Appalachian Dialect

Missing Home and Being Backwards

Tipper in blue dress

Tipper

Folks enjoyed my reading of “Mountain Path” by Harriet Simpson Arnow so much that they begged for me to read another book.

Last week I started “Dorie Woman of the Mountains” by Florence Cope Bush.

As I worked on the second reading of Dorie I jotted down things that jumped out at me. One of the things was when Dorie’s parents sent her to Waynesville, NC to live with her grandparents and attend school.

Dorie didn’t make it very long she was too homesick for her family to do anything but cry. In fact she barely spoke to anyone even when they were trying to console her.

We would say Dorie was being backward when she refused to talk. In Appalachia backwards means—shy, reserved, bashful, slightly strange, or all of the above! Here’s the definition from my favorite dictionary.

backward
adjective Reserved, shy, bashful.
1862 (in 1999 Davis Civil War Letters) 49 if that should be the result after a thorough acquaintance, I shall not be backward in making it known to you. 1969 GSMNP-38:95 they’d tell you right at once what they believed. They wasn’t a bit backward about talking. 1991 Beverley Old Mt Idiom 146 Eat all you want. Don’t be backward none. 1999 Montgomery File A lot of mountain people are kind of backward, but I don’t care to talk to nobody (40-year-old woman, Del Rio TN).

Dictionary of Smoky Mountain English


I was so backward when I was a child that when folks tried to talk to me I’d hide behind Pap or Granny and if they weren’t handy I’d just stare without uttering a word. And like Dorie I didn’t like being away from my family. It made me sad and lonesome.

My older brother Steve had a friend who was elected choir leader at his church, even though he wasn’t even in high school yet. The friend begged Granny to come see him lead the choir. I don’t remember why, but only Granny and I visited Moccasin Creek Baptist Church to please him.

The church was so small that the Sunday School classes were mostly just divided up among the pews. The children were sent to the far right corner in the front and although I would have rather stayed with Granny and the other women I was cajoled into going along with the younger brother of Steve’s friend.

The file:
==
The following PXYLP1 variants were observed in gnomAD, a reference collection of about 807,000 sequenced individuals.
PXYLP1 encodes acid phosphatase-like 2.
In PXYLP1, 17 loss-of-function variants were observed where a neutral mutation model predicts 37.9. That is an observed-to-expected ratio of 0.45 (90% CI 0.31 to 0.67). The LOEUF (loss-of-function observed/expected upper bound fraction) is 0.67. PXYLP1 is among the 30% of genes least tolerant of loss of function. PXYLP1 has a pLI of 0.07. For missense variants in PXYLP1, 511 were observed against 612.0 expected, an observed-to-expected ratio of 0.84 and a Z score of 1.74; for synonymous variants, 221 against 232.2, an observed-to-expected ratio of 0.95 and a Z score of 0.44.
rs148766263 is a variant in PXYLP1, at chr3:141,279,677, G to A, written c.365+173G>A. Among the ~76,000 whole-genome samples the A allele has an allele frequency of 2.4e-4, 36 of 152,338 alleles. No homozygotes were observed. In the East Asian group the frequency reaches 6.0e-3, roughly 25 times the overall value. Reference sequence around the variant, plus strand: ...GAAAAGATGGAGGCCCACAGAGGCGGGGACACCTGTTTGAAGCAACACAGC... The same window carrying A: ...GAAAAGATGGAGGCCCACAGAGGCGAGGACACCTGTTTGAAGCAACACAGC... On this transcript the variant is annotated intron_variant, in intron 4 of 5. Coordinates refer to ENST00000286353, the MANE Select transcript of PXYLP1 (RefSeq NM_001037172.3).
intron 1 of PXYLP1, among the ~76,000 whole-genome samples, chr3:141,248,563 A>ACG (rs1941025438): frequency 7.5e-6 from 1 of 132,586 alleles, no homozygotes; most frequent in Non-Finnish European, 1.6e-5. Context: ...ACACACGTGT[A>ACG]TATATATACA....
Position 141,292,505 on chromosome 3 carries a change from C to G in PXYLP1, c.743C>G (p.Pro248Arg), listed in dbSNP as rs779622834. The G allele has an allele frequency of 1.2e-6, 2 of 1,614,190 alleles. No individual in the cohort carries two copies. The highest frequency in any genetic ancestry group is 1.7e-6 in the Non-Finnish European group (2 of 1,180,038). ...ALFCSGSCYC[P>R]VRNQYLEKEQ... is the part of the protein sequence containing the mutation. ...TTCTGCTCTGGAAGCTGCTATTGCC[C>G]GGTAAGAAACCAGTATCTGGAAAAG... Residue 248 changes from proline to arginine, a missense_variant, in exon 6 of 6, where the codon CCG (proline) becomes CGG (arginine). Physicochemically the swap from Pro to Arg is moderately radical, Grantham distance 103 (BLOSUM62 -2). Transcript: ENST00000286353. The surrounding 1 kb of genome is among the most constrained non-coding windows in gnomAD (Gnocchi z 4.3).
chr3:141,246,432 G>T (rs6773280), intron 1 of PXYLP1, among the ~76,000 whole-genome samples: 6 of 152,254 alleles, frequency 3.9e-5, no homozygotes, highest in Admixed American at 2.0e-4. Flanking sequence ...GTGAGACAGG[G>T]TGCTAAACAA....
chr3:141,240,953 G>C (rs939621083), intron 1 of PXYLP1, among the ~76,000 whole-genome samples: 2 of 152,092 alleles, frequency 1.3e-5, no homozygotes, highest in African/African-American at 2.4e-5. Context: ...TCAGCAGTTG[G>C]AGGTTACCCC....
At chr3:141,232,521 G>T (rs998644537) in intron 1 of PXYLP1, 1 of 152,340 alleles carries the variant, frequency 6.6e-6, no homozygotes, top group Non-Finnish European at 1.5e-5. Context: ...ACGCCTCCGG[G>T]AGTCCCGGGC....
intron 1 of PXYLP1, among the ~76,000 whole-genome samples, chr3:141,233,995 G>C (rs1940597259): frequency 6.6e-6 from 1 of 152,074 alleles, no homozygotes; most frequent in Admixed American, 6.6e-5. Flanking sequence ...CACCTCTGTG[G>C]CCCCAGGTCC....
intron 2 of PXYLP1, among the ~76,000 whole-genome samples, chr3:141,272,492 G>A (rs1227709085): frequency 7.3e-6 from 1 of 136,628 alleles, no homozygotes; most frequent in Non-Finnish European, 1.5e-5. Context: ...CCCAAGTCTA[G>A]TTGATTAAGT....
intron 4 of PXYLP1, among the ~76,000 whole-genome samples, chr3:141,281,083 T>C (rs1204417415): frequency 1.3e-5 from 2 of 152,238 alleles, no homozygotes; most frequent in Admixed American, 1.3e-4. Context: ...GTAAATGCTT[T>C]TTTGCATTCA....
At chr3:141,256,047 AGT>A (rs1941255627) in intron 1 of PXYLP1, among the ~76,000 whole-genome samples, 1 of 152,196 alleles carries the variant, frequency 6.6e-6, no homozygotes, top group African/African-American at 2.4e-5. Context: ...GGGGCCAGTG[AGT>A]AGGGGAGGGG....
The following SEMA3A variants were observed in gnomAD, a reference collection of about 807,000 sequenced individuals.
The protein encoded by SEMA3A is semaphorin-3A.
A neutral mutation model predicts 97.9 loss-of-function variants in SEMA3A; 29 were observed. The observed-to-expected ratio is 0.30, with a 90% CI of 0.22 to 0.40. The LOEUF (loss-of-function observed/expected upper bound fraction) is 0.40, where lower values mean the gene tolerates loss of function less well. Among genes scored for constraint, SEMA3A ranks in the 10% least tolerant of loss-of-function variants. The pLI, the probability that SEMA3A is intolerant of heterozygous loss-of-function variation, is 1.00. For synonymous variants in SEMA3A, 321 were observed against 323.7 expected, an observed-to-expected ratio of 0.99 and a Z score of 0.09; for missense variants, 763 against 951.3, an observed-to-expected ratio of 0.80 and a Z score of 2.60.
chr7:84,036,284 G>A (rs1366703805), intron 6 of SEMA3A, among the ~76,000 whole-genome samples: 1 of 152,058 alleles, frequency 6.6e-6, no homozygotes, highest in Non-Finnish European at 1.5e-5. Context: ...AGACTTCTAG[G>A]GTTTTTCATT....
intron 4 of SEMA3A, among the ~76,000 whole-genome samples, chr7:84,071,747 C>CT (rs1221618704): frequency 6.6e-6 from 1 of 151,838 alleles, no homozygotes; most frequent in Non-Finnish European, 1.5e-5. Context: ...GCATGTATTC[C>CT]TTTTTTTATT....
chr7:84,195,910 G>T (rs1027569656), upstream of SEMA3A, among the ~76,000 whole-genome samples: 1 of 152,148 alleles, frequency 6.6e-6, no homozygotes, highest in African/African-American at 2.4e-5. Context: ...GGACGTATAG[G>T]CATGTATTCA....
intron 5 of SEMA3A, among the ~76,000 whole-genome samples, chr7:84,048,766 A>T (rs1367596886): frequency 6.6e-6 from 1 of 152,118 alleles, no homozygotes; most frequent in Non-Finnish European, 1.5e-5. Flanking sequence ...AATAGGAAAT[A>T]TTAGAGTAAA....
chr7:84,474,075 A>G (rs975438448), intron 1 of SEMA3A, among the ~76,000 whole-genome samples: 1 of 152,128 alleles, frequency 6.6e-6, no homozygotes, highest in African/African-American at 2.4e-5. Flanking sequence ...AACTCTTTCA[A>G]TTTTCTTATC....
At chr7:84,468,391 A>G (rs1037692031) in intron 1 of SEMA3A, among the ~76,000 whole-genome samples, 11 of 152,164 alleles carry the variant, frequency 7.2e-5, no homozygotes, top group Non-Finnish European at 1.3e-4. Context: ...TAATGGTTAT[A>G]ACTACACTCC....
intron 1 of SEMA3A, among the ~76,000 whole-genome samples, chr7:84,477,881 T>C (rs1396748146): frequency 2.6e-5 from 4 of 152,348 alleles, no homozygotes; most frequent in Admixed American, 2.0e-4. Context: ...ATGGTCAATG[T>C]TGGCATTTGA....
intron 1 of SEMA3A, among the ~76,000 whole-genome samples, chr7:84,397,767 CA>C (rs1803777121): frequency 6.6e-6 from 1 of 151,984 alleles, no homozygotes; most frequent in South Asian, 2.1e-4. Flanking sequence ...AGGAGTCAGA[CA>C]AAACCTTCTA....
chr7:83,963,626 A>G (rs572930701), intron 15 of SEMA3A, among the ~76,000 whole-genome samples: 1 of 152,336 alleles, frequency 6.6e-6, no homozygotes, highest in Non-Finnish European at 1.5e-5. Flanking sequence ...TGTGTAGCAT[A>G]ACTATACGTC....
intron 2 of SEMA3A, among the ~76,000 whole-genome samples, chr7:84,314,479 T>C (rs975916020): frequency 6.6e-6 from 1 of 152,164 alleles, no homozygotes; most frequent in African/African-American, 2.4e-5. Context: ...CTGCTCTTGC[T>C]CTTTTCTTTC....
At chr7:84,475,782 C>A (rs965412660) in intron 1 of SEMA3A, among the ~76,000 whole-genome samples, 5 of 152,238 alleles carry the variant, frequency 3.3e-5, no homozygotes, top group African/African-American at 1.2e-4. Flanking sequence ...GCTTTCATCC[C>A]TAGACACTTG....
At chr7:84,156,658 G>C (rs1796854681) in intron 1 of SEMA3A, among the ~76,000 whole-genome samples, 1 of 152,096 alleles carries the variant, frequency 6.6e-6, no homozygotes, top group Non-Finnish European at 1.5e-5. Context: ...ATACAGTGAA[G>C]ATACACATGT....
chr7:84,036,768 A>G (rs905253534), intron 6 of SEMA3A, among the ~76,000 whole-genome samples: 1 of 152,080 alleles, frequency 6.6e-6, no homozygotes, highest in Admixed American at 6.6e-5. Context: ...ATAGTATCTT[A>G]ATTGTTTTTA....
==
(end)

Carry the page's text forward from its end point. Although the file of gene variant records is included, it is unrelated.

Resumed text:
The Sunday school teacher said we were going to pray and she wanted each of us to name something to pray about. All around the circle of kids different items were offered up for prayer. Everything from sick family members to people in financial need was mentioned. Until it was my turn.

The teacher encouraged me to say something, but I only looked at her. She kept trying to pry something out of me until finally the younger son of the family told her “Don’t worry none, she don’t talk to nobody.”

My backward nature has greatly improved since that day. Who would have thought that small girl with big black eyes who wouldn’t talk to nobody would someday talk to thousands of people each week via video.

Last night’s video: Dorie Woman of the Mountains 2.

Tipper

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32 Comments

  • Reply
    Cindy
    February 8, 2022 at 11:48 am

    I have been watching the youtube videos on the mountain dialects and loving it. My Dad’s family lived in Virginia in the mid-1700s but went to N Carolina after the Revolutionary War. Eventually, they wound up in Mississippi by 1840. They got homesteads and were cotton farmers. A lot of the words and sayings you talk about are used in Mississippi. My Grandmother would say, “I had an idear when I got up today sumpin was off.” I guess the trip through NC stayed with them. All the people in Walthall County MS use most of the word and phrases you list and the accent is not far off.

  • Reply
    Cindy Jacobs
    February 6, 2022 at 10:02 am

    I was so backwards and shy when I was a kid. Whenever anyone came to the house for a visit that I didn’t know well, I’d cry and run into the closet when they were introduced to me. I absolutely hated meeting new people at church, never wanted to leave my mother’s skirt-tails. I can even remember wishing I could sink into the carpet or turn invisible rather than have to speak to anyone new!